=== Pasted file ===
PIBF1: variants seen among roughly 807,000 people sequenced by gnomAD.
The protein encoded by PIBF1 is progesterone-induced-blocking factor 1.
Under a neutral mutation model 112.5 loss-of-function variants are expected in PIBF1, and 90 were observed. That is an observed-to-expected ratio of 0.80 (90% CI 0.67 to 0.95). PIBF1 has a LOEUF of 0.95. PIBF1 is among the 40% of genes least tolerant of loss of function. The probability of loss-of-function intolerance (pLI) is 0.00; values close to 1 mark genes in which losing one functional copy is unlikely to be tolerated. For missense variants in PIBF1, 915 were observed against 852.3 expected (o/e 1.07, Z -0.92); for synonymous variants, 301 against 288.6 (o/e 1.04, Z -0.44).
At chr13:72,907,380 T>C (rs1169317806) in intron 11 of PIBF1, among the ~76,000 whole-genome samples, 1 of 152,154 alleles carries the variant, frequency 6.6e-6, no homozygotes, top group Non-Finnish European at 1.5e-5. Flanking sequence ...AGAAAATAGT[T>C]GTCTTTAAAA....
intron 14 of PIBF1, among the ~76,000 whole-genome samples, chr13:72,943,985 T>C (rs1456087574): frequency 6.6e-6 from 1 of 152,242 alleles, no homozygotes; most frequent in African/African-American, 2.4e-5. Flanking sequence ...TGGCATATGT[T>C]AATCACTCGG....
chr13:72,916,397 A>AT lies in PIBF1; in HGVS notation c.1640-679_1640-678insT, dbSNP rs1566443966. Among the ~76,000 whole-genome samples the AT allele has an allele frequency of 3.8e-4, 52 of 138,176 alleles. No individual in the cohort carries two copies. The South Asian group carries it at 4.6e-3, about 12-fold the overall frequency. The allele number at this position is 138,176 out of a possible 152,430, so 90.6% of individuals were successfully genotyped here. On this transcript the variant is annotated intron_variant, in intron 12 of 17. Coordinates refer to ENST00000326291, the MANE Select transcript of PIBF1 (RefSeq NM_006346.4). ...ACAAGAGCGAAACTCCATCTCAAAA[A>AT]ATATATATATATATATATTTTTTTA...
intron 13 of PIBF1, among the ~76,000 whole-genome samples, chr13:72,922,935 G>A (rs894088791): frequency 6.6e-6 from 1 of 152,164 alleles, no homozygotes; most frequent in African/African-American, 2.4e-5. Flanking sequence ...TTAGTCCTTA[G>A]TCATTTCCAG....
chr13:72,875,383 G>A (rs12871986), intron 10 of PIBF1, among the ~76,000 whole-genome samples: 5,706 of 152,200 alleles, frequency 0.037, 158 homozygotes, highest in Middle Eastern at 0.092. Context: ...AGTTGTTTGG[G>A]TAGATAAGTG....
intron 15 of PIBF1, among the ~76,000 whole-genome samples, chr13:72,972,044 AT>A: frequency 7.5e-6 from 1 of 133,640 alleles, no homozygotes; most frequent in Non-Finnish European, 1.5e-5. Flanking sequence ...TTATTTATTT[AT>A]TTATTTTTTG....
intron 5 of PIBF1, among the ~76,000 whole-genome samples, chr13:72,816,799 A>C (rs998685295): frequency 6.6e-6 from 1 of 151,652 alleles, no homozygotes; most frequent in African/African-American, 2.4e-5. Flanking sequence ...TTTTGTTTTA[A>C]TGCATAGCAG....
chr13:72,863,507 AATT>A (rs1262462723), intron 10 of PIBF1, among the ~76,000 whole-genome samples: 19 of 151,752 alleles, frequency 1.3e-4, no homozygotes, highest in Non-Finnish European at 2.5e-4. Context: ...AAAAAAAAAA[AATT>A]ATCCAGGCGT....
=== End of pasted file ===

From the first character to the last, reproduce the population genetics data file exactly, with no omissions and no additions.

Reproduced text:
PIBF1: variants seen among roughly 807,000 people sequenced by gnomAD.
The protein encoded by PIBF1 is progesterone-induced-blocking factor 1.
Under a neutral mutation model 112.5 loss-of-function variants are expected in PIBF1, and 90 were observed. That is an observed-to-expected ratio of 0.80 (90% CI 0.67 to 0.95). PIBF1 has a LOEUF of 0.95. PIBF1 is among the 40% of genes least tolerant of loss of function. The probability of loss-of-function intolerance (pLI) is 0.00; values close to 1 mark genes in which losing one functional copy is unlikely to be tolerated. For missense variants in PIBF1, 915 were observed against 852.3 expected (o/e 1.07, Z -0.92); for synonymous variants, 301 against 288.6 (o/e 1.04, Z -0.44).
At chr13:72,907,380 T>C (rs1169317806) in intron 11 of PIBF1, among the ~76,000 whole-genome samples, 1 of 152,154 alleles carries the variant, frequency 6.6e-6, no homozygotes, top group Non-Finnish European at 1.5e-5. Flanking sequence ...AGAAAATAGT[T>C]GTCTTTAAAA....
intron 14 of PIBF1, among the ~76,000 whole-genome samples, chr13:72,943,985 T>C (rs1456087574): frequency 6.6e-6 from 1 of 152,242 alleles, no homozygotes; most frequent in African/African-American, 2.4e-5. Flanking sequence ...TGGCATATGT[T>C]AATCACTCGG....
chr13:72,916,397 A>AT lies in PIBF1; in HGVS notation c.1640-679_1640-678insT, dbSNP rs1566443966. Among the ~76,000 whole-genome samples the AT allele has an allele frequency of 3.8e-4, 52 of 138,176 alleles. No individual in the cohort carries two copies. The South Asian group carries it at 4.6e-3, about 12-fold the overall frequency. The allele number at this position is 138,176 out of a possible 152,430, so 90.6% of individuals were successfully genotyped here. On this transcript the variant is annotated intron_variant, in intron 12 of 17. Coordinates refer to ENST00000326291, the MANE Select transcript of PIBF1 (RefSeq NM_006346.4). ...ACAAGAGCGAAACTCCATCTCAAAA[A>AT]ATATATATATATATATATTTTTTTA...
intron 13 of PIBF1, among the ~76,000 whole-genome samples, chr13:72,922,935 G>A (rs894088791): frequency 6.6e-6 from 1 of 152,164 alleles, no homozygotes; most frequent in African/African-American, 2.4e-5. Flanking sequence ...TTAGTCCTTA[G>A]TCATTTCCAG....
chr13:72,875,383 G>A (rs12871986), intron 10 of PIBF1, among the ~76,000 whole-genome samples: 5,706 of 152,200 alleles, frequency 0.037, 158 homozygotes, highest in Middle Eastern at 0.092. Context: ...AGTTGTTTGG[G>A]TAGATAAGTG....
intron 15 of PIBF1, among the ~76,000 whole-genome samples, chr13:72,972,044 AT>A: frequency 7.5e-6 from 1 of 133,640 alleles, no homozygotes; most frequent in Non-Finnish European, 1.5e-5. Flanking sequence ...TTATTTATTT[AT>A]TTATTTTTTG....
intron 5 of PIBF1, among the ~76,000 whole-genome samples, chr13:72,816,799 A>C (rs998685295): frequency 6.6e-6 from 1 of 151,652 alleles, no homozygotes; most frequent in African/African-American, 2.4e-5. Flanking sequence ...TTTTGTTTTA[A>C]TGCATAGCAG....
chr13:72,863,507 AATT>A (rs1262462723), intron 10 of PIBF1, among the ~76,000 whole-genome samples: 19 of 151,752 alleles, frequency 1.3e-4, no homozygotes, highest in Non-Finnish European at 2.5e-4. Context: ...AAAAAAAAAA[AATT>A]ATCCAGGCGT....